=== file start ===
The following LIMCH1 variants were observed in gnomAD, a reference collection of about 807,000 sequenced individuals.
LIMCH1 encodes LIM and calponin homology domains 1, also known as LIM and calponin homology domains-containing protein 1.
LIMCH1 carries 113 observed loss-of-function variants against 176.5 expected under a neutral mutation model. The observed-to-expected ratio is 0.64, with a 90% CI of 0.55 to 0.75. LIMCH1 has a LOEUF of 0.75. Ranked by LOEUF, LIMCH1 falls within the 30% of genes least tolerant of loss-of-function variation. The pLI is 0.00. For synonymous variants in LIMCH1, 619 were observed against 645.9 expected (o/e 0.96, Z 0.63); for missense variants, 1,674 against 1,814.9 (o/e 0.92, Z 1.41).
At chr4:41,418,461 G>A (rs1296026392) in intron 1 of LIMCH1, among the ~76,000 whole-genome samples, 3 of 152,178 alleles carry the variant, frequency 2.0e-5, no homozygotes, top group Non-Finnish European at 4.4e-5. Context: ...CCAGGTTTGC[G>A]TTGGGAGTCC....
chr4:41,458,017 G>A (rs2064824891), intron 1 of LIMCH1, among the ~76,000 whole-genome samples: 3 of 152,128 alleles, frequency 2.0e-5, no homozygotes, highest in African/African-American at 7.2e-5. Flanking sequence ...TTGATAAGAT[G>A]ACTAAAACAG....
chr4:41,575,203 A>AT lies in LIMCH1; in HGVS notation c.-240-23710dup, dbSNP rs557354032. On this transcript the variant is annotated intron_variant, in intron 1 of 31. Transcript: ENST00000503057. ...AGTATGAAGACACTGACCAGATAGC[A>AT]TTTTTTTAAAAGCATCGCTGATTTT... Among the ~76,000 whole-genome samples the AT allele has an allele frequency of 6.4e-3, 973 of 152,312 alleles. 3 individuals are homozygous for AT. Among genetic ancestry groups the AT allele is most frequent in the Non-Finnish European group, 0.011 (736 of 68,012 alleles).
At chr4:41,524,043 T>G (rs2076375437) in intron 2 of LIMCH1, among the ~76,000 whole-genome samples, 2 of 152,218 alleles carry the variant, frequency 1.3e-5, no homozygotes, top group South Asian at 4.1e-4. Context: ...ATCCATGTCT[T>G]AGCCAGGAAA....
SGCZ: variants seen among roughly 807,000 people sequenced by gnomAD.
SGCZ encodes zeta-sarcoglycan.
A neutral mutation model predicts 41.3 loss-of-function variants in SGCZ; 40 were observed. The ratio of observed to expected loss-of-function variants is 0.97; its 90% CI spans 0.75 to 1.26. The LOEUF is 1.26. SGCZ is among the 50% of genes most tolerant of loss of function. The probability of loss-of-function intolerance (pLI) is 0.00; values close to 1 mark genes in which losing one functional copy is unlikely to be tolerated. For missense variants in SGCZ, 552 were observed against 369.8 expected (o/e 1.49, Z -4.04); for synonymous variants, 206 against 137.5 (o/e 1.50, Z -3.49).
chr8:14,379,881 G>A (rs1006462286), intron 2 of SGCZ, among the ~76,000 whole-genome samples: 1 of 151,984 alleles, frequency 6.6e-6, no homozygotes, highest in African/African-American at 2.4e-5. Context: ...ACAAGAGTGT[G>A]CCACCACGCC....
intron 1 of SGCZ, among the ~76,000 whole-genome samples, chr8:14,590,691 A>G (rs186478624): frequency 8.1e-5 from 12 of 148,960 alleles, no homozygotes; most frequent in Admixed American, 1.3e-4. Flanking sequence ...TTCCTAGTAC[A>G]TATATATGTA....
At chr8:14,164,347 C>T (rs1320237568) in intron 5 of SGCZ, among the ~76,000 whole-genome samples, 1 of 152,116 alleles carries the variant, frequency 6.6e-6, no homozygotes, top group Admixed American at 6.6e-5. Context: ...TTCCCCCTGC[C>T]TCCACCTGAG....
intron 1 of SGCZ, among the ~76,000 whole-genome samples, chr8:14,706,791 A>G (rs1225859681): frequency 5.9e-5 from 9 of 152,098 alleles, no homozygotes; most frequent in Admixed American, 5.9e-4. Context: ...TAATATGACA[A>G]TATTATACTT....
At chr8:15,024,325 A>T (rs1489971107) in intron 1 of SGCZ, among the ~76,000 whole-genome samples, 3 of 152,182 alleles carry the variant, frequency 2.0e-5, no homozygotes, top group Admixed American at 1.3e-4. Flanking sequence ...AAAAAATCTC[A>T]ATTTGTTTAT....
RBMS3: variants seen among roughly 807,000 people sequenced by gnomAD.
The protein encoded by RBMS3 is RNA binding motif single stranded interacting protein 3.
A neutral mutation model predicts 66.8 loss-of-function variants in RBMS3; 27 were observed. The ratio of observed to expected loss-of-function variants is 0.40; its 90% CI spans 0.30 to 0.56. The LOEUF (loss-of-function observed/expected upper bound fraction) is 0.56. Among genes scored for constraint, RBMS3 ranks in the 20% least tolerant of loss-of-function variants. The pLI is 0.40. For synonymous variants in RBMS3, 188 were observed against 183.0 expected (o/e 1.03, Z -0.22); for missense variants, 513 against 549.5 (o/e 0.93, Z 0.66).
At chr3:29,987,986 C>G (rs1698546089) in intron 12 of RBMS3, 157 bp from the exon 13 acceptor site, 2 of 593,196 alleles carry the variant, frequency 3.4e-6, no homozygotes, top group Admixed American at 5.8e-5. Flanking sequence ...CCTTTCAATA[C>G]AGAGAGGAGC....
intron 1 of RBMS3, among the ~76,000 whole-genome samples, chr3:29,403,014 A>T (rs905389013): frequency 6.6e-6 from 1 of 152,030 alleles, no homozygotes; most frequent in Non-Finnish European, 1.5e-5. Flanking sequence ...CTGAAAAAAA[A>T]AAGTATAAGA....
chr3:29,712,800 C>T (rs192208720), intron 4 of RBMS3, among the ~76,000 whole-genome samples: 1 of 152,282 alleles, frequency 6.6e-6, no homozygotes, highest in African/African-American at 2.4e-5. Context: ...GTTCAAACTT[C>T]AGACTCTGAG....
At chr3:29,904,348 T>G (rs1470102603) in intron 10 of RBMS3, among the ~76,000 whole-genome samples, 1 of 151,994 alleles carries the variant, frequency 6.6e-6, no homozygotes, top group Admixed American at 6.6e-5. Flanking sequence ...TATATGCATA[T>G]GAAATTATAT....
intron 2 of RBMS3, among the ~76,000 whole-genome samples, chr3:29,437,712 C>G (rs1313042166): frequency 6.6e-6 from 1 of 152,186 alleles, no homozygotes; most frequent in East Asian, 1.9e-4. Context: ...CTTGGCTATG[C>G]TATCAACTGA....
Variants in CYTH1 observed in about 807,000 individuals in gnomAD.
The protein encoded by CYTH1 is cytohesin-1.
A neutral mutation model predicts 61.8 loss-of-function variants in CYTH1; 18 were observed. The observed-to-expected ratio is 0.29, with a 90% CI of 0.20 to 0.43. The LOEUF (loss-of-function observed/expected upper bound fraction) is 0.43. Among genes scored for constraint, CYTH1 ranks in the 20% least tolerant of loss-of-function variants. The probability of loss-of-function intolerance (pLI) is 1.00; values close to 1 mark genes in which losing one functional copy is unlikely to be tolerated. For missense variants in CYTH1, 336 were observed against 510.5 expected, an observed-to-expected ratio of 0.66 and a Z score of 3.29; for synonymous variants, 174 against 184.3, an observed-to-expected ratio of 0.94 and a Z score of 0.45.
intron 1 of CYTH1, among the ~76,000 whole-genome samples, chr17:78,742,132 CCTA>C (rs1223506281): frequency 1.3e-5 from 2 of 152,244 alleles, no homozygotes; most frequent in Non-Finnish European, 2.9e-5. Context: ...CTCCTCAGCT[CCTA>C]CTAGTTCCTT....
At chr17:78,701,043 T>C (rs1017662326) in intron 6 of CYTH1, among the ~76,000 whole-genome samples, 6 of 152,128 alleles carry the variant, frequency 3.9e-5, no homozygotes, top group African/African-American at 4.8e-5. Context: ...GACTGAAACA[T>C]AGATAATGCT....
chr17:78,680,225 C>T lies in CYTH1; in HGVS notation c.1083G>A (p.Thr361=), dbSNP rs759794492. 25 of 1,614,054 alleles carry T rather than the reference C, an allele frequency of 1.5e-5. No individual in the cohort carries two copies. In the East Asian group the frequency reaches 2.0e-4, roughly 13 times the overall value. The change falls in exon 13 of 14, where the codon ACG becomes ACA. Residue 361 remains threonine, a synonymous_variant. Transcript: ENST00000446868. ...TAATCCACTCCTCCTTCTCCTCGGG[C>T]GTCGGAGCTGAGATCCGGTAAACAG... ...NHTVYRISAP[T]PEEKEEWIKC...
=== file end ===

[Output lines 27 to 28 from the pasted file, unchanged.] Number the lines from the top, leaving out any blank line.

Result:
intron 1 of CYTH1, among the ~76,000 whole-genome samples, chr17:78,742,132 CCTA>C (rs1223506281): frequency 1.3e-5 from 2 of 152,244 alleles, no homozygotes; most frequent in Non-Finnish European, 2.9e-5. Context: ...CTCCTCAGCT[CCTA>C]CTAGTTCCTT....
At chr17:78,701,043 T>C (rs1017662326) in intron 6 of CYTH1, among the ~76,000 whole-genome samples, 6 of 152,128 alleles carry the variant, frequency 3.9e-5, no homozygotes, top group African/African-American at 4.8e-5. Context: ...GACTGAAACA[T>C]AGATAATGCT....